April 30th, 2013


deep thought of the day: on stochastic terrorism

Originally published at Faith Seeking Understanding. You can comment here or there.

Deep thought of the day:

Over at Patheos, Libby Anne wrote about two events that happened within the space of a week, both in Bloomington, IN: a talk by R.C. Sproul Jr. comparing abortion to the Holocaust and castigating conservatives for not doing enough to fight abortion, and the vandalism of a local Planned Parenthood. No one was killed, thank goodness, but they did cause considerable property damage and shut down the clinic for the day. And Libby Anne thinks the two events are connected, since one of those va ndals was the pastor’s kid (and a deacon himself) of the church connected with the event. As she wrote: “It’s almost certainly the case that Sproul Jr. didn’t call for violence against those who provide abortion services, but it’s also almost certainly the case that his inflammatory rhetoric stirred up one of his audience, Benjamin Curell, to violence.

I’m not sure it’s so clear-cut as that. It’s not like this is the first time Curell heard people go off on abortion. He might have heard some comment over Sunday dinner as his church was getting ready for the talk. He might have heard something years earlier that combined with what Sproul said. For all we know, Curell had an accomplice of some kind who pushed him to do it, and was motivated by something other than Sproul’s talk. He may be innocent (he’s not been convicted yet after all), though the article Libby Anne links makes it sound like there’s video of him vandalizing).

Here’s the thing, though: whether Sproul intended for Curell to take action like this, whether he should have known he’d have his affect, whether he actually did have that affect – he was still taking a risk. He was using rhetoric he knew would inspire his audience to take action. Frankly, I think Mr. Curell was remarkably restrained: if you gave me a time machine and a trip back to Nazi Germany, my reaction wouldn’t be to spraypaint the local Hitler Youth office; I’d find the highest-ranking Nazi officer I could get close to and shoot him in the head. (Yes, I know that I’m a pacifist, and yes I realize this statement is incendiary too! But that’s how angry this rhetoric would make me, if I took it seriously.) Usually when we talk about someone being liable for a murder or other crime when they didn’t actually do it, we mean they had some direct connection to the person who actually committed the crime. They helped plan it, they supplied the gun, they asked or ordered the person to do it.

Things aren’t so simple in cases like these because Dr. Sproul never met with Mr. Curell as far as I know. But he used rhetoric he was hoping would provoke a reaction, and he had to know if you get people angry enough you can’t predict how they’ll react. That’s the thing about rage: it’s by nature unpredictable, and not everyone will react the same way. This happens in other contexts, too. (I remember getting scared when a recent Fox News piece had in the comments section, in one of the first comments, “Kill all Chechens” – 99.9% can probably read that and be fine, but it really only takes one.) Whenever you say any group of people (illegal immigrants, people on welfare, LGBT people, Muslims, “urban youths,” whatever) is causing catastrophic consequences they should be upset for, if you say that often enough, there’s a good chance some people will carry it too far. Daily Kos even had a word for it: stochastic terrorism.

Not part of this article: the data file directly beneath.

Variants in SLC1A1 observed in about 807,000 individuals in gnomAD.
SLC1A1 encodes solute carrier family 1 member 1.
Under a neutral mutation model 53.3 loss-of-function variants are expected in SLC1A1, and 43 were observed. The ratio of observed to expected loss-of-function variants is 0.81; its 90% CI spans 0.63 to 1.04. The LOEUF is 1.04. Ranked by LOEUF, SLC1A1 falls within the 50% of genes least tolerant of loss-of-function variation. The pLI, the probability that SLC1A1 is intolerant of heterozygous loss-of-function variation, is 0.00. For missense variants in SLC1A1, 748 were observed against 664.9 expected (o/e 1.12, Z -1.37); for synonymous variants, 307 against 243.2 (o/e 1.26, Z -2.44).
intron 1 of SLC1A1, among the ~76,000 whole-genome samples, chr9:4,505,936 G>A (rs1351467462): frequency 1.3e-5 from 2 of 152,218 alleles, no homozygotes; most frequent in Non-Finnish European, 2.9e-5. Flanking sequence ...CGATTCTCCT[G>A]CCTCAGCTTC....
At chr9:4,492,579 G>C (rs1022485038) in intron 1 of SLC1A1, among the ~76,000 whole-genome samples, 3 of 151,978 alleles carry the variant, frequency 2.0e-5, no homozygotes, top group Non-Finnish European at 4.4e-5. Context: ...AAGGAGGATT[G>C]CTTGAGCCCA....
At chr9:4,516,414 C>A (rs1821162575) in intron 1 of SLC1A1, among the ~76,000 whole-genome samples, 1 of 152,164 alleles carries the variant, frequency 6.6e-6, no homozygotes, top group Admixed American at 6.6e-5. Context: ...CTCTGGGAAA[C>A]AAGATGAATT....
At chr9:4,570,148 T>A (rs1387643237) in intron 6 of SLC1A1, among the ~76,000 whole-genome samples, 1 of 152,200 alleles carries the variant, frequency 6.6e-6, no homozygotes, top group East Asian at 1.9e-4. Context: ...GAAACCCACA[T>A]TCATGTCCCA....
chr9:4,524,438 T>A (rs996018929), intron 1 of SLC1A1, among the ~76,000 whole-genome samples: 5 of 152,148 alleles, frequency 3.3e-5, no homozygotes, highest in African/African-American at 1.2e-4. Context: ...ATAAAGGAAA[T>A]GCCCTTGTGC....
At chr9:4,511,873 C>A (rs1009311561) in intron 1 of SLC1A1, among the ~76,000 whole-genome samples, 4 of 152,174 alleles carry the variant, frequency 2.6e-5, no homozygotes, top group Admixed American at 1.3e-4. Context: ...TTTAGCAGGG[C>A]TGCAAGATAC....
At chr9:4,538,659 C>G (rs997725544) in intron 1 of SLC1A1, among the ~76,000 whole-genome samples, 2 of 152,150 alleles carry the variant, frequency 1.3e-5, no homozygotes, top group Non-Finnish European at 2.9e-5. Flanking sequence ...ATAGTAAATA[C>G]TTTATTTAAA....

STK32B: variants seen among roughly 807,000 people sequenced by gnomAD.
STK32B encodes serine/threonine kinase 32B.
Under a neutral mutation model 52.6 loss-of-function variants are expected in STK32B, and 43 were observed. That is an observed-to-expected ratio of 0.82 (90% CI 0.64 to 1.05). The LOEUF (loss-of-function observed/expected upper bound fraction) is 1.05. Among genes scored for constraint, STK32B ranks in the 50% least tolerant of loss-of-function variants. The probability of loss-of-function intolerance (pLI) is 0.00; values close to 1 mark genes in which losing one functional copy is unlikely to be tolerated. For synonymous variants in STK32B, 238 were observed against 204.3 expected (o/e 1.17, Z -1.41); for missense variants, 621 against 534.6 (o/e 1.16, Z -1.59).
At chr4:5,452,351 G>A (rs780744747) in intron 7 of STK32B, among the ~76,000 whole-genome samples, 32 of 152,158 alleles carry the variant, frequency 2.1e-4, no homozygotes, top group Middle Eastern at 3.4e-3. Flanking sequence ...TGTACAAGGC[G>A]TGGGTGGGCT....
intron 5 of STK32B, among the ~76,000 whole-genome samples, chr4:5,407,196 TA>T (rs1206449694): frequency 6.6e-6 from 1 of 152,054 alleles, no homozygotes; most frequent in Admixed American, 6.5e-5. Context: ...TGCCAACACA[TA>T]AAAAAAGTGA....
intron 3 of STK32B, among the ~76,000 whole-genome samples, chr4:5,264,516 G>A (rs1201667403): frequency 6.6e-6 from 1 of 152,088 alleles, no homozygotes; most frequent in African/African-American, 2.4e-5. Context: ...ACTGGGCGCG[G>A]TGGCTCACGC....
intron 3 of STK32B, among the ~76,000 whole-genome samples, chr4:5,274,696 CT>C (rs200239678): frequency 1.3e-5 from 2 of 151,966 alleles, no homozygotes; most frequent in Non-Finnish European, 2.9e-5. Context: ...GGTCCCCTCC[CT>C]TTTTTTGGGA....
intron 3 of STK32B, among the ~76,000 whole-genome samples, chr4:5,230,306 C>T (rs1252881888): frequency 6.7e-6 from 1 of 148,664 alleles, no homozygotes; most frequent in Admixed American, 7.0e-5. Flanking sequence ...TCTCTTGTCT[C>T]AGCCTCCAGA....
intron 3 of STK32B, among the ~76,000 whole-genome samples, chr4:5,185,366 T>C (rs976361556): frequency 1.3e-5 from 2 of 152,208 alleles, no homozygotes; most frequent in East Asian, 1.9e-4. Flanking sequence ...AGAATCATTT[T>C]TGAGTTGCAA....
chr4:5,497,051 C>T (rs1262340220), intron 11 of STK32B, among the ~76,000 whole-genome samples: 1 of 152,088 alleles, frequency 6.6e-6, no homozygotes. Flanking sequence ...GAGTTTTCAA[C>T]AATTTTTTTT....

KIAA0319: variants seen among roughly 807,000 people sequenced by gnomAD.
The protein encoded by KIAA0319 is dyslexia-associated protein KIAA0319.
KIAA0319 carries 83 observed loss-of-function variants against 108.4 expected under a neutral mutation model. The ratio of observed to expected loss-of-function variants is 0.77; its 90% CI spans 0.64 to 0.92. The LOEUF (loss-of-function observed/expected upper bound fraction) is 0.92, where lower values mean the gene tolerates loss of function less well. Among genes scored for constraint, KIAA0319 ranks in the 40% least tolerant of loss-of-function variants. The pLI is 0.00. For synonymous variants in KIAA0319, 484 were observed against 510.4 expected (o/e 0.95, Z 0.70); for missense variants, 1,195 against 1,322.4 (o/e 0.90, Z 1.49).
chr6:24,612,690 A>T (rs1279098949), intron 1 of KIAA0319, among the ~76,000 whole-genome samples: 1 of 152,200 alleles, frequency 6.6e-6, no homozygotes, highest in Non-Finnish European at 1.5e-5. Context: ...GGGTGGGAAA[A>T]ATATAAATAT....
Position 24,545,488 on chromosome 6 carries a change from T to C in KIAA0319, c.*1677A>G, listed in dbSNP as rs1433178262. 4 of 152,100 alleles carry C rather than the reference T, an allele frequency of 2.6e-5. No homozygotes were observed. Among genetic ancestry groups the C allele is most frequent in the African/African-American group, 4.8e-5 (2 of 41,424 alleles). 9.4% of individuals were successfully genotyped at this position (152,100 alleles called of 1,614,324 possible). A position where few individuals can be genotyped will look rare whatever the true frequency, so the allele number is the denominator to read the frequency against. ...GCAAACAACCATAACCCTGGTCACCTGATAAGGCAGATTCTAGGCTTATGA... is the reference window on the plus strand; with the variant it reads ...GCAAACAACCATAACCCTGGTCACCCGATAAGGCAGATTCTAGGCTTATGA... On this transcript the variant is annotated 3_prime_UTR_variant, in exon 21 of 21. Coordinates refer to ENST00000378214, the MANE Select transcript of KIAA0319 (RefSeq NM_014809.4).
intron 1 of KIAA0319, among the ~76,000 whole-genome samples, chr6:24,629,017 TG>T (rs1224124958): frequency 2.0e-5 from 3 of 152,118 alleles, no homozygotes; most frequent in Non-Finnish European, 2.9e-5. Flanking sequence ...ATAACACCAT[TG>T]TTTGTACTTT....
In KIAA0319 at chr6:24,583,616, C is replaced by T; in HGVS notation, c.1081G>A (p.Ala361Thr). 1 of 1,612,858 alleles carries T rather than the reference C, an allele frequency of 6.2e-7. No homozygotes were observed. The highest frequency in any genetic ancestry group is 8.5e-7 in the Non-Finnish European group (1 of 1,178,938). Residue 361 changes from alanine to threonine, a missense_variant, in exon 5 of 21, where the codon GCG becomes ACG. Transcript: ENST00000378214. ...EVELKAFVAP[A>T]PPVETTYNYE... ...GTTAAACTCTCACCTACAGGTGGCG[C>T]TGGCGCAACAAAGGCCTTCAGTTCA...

All of this reminds me of a really funny NewsRadio episode (see especially around 7:30):

Bill gives an editorial expressing anger at UN diplomats who don’t pay their parking ticket. To spice it up he suggests such diplomats be dragged from their car and beaten – and one of his listeners takes him literally. Of course, that’s the normal hyperbole most of us screen out. It would be ludicrous to hold Bill or anyone else responsible for the beating. (That’s a big part of what makes this moment so funny.) But when you’re trying to get someone mad, trying to actually provoke action, and someone ends up doing this? Well, if you speak to enough people at least a few of them are going to be mentally unstable, or particularly primed to act on this issue, or something that makes them take it too far. That’s entirely, 100% predictable. It may not actually happen in every case, and it’s not the same as actually trashing the office or pulling the trigger. But it can happens, and when you create that likelihood, you’re part of it.